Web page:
I am not philosophically opposed to “tracking” in the elementary schools, provided it does not occur too early.
I am aware, for example, that in Singapore, each student whose individual performance in a math test administered at the end of the third grade reveals an insufficient grasp of mathematical concepts and basic skills for that level is identified and subsequently “tracked” during fourth and fifth grade. This ensures that by the time the tracked students reach the end of fifth grade, they are on par with their non-tracked classmates in math. In other words, when the whole class moves on to sixth grade, virtually nobody is suffering from a deficit of knowledge or skills. Everyone has an opportunity to move forward with confidence and pride.
Admittedly, the questions naturally arise: 1) How is such “tracking” handled?, and 2)Won’t “tracked” students miss out on certain things that non-tracked students receive in terms of non-math instruction?
In answer to the first question, I understand that the “tracked” students experience a 4th and 5th grade math curriculum that involves a relatively heavier emphasis on repeating and reinforcing math concepts, both with respect to such concepts as are covered in earlier grades, as well as new math concepts that are appropriate to the grade they are currently in. By contrast, the non-tracked students spend a proportionally smaller amount of their time in math instruction. The net result is that by the end of 5th grade, the tracked students have completely caught up to their non-tracked classmates in math.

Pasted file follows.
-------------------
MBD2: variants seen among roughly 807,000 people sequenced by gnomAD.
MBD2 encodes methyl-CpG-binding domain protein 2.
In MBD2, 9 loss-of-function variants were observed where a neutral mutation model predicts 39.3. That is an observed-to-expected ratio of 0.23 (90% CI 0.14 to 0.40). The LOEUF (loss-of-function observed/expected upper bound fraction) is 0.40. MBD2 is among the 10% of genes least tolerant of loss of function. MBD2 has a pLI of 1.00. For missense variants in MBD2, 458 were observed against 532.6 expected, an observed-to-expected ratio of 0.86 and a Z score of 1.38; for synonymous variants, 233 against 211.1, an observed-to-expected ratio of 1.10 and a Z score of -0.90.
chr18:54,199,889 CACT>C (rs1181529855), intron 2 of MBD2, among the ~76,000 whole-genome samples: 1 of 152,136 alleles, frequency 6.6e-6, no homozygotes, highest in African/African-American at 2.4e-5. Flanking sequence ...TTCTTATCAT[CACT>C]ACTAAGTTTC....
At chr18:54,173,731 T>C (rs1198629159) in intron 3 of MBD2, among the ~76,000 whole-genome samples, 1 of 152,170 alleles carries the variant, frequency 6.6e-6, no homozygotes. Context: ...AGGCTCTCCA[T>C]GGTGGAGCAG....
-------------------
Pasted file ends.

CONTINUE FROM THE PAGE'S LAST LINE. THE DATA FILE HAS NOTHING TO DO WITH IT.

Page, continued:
The answer to the second question is apparently “yes”. But since the remedial program experienced by the “tracked” students is spread out over two years, the differential in terms of exposure to non-math subject matter is kept to a minimum. The people of Singapore have clearly decided that the most costly deficit from which a child at the elementary school level can suffer is in math conceptual knowledge and basic math skills. They have molded and shaped their overall elementary school instructional program accordingly.
In my view, Singapore was particularly wise to do this. It has set itself up for success by taking the early steps necessary to provide as many students as possible with the valid option to pursue educational paths leading to financially rewarding and intellectually stimulating careers in science, technology, engineering, and math (STEM). Most of us in the U.S. who never opted to pursue a STEM career are easily convinced that early preparation and diligent practice is essential for musicians who will eventually seek a fine arts degree in instrumental performance, just as much as such behavior is critical for the success of budding professional dancers, or for aspiring collegiate athletes. Why it it that so many in this country resist coming to a similar concluson when it comes to students who will eventually pursue STEM careers? This is a problem that only time and patient argumentation can overcome.
The challenge faced by elementary students worldwide in aquiring critical mathematics concepts, and in developing automaticity with important math facts and processes (like the Standard Algorithm), is well documented. At the same time, premiere public school districts in the U.S. seem particularly unwilling to address this problem head-on. I am beginning to view this as a dysfunction that has its origins in a misplaced concern for egalitarianism. Administrators seem loathe to take specific action to address deficiencies in math instruction, fearing that if they do so, they will be seen by district parents and teachers as regarding non-math subjects as less important than math. Based on my experience thus far, I would say that the Ridgewood administrators are suffering from this syndrome in spades.